The Vegas Golden Knights need a win. Badly.
Thursday night’s 3-2 loss to Detroit marked the Golden Knights’ first three-game losing streak of the 2022-23 season.
The last two games — against Detroit and Dallas — have been particularly concerning given Vegas’ effort and compete level.
When they host the Washington Capitals tonight, the Golden Knights will need to play more inspired hockey as they wrap up this disastrous seven-game homestand during which Vegas has gone 2-4-0.
The last time the Golden Knights dropped four games in a row was at the start of last season; Vegas defeated Seattle in the home opener before falling badly to Los Angeles and then losing to St. Louis, Edmonton and the Islanders.
Vegas is a .500 team on home ice at 13-13-0, but losing four of six at a critical point in the season has yielded control of the Pacific Division based on points percentage to the Seattle Kraken, who also have 58 points but have a game in hand.
The two points up for grabs tonight are important, but the significance of cleaning up the way in which Vegas has played in recent games cannot be underestimated.
Against Dallas, the Golden Knights were borderline helpless, as the Stars were in control for almost the entirety of the game. It was the first time Vegas was held off the board all season, and the Golden Knights did not come particularly close to beating Jake Oettinger in Pete DeBoer’s return to Sin City.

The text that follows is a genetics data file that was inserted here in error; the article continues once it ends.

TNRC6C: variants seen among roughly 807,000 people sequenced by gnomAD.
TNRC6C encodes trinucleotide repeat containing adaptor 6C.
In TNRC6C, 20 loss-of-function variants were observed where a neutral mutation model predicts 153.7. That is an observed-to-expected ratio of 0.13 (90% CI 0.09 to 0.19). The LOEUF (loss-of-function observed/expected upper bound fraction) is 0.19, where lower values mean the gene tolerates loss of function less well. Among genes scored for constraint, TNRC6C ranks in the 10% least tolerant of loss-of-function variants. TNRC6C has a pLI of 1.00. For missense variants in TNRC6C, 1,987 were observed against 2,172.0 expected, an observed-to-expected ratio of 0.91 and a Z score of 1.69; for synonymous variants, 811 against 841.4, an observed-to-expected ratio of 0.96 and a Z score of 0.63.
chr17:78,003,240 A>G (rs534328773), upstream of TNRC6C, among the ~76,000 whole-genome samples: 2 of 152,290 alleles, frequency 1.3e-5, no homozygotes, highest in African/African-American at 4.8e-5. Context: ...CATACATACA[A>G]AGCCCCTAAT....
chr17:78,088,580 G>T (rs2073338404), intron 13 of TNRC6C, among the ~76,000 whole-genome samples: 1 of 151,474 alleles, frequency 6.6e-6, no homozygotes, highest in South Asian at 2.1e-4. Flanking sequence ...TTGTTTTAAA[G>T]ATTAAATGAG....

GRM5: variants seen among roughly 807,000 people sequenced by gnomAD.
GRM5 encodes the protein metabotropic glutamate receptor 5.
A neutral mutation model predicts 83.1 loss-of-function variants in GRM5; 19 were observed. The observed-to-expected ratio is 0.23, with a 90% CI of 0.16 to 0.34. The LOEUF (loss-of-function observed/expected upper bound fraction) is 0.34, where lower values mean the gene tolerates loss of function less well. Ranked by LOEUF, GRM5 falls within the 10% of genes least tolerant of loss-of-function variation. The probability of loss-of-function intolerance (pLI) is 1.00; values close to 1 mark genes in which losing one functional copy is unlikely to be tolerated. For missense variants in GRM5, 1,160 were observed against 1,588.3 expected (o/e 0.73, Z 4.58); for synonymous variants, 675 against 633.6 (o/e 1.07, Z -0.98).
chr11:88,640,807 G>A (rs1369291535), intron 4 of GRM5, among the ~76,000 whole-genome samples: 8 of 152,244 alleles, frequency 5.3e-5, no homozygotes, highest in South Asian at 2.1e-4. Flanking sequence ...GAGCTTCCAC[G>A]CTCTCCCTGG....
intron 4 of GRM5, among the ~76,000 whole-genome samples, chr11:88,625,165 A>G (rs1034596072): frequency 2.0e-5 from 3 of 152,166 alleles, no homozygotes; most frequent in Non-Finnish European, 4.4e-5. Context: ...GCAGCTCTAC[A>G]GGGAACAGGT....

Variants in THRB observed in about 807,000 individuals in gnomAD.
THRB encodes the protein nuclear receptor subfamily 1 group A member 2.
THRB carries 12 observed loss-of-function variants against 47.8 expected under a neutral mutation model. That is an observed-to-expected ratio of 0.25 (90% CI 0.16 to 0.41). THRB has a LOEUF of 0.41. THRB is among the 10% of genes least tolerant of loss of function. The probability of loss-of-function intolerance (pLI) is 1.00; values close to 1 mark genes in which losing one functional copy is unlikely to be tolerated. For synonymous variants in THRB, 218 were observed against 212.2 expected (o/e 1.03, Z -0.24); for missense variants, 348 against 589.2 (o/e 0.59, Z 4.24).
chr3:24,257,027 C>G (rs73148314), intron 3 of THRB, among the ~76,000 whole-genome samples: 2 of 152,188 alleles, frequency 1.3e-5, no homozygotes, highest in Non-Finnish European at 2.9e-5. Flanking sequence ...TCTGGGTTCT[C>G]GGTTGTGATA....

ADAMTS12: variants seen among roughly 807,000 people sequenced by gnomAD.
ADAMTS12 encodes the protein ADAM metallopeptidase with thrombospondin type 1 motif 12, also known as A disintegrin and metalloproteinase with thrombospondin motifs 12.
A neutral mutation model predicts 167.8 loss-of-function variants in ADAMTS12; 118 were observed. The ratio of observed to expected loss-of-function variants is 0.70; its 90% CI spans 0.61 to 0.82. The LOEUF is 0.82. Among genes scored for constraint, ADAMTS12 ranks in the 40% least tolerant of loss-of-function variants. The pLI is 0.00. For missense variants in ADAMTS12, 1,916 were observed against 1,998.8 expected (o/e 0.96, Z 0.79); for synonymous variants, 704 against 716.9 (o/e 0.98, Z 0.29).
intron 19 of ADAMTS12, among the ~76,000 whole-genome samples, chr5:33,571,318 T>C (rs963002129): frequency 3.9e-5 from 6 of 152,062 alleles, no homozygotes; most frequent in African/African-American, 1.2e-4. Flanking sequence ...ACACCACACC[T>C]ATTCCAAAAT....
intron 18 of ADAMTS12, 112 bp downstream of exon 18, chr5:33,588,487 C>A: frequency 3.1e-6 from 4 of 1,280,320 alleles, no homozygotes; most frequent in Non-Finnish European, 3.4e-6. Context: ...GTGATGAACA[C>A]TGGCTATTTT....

Vegas’ effort against Detroit wasn’t much better, though the team did score two goals, one of which came in the final minute of regulation.
The fact that Jack Eichel got the primary helper on the late William Karlsson goal could be important, as his recent cold streak has come at the worst possible time. After recording three points Jan. 5 against Pittsburgh, Eichel has just two points in his last five games.
With Mark Stone and several other key players sidelined, it is past time for Eichel to step up as the star and leader he is supposed to be.
Perhaps today’s opponent will help him do so.
After all, he dazzled in overtime the last time these teams met, setting up Shea Theodore’s game-winner after scoring on the power play earlier in the game.